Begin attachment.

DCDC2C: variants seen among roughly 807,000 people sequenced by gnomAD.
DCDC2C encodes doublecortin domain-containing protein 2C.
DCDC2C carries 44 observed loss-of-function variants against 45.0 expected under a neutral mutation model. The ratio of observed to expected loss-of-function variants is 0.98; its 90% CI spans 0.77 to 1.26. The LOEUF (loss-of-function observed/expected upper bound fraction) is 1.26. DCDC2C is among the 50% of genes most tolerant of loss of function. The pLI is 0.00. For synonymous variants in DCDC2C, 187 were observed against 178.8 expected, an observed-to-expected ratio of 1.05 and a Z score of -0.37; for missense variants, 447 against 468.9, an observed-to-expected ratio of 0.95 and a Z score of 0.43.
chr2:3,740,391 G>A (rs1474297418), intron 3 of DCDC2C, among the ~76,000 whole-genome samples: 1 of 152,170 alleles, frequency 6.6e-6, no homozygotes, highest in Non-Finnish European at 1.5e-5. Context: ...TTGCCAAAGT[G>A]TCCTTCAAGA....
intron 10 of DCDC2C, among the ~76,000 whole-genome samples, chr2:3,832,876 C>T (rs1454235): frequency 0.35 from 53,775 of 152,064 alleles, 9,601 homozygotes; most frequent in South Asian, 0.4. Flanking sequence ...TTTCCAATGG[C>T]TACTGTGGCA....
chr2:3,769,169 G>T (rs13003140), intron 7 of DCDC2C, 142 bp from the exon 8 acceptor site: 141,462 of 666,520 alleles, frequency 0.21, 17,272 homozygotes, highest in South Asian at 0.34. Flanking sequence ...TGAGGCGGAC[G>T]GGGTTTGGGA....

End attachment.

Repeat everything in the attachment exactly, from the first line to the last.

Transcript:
DCDC2C: variants seen among roughly 807,000 people sequenced by gnomAD.
DCDC2C encodes doublecortin domain-containing protein 2C.
DCDC2C carries 44 observed loss-of-function variants against 45.0 expected under a neutral mutation model. The ratio of observed to expected loss-of-function variants is 0.98; its 90% CI spans 0.77 to 1.26. The LOEUF (loss-of-function observed/expected upper bound fraction) is 1.26. DCDC2C is among the 50% of genes most tolerant of loss of function. The pLI is 0.00. For synonymous variants in DCDC2C, 187 were observed against 178.8 expected, an observed-to-expected ratio of 1.05 and a Z score of -0.37; for missense variants, 447 against 468.9, an observed-to-expected ratio of 0.95 and a Z score of 0.43.
chr2:3,740,391 G>A (rs1474297418), intron 3 of DCDC2C, among the ~76,000 whole-genome samples: 1 of 152,170 alleles, frequency 6.6e-6, no homozygotes, highest in Non-Finnish European at 1.5e-5. Context: ...TTGCCAAAGT[G>A]TCCTTCAAGA....
intron 10 of DCDC2C, among the ~76,000 whole-genome samples, chr2:3,832,876 C>T (rs1454235): frequency 0.35 from 53,775 of 152,064 alleles, 9,601 homozygotes; most frequent in South Asian, 0.4. Flanking sequence ...TTTCCAATGG[C>T]TACTGTGGCA....
chr2:3,769,169 G>T (rs13003140), intron 7 of DCDC2C, 142 bp from the exon 8 acceptor site: 141,462 of 666,520 alleles, frequency 0.21, 17,272 homozygotes, highest in South Asian at 0.34. Flanking sequence ...TGAGGCGGAC[G>T]GGGTTTGGGA....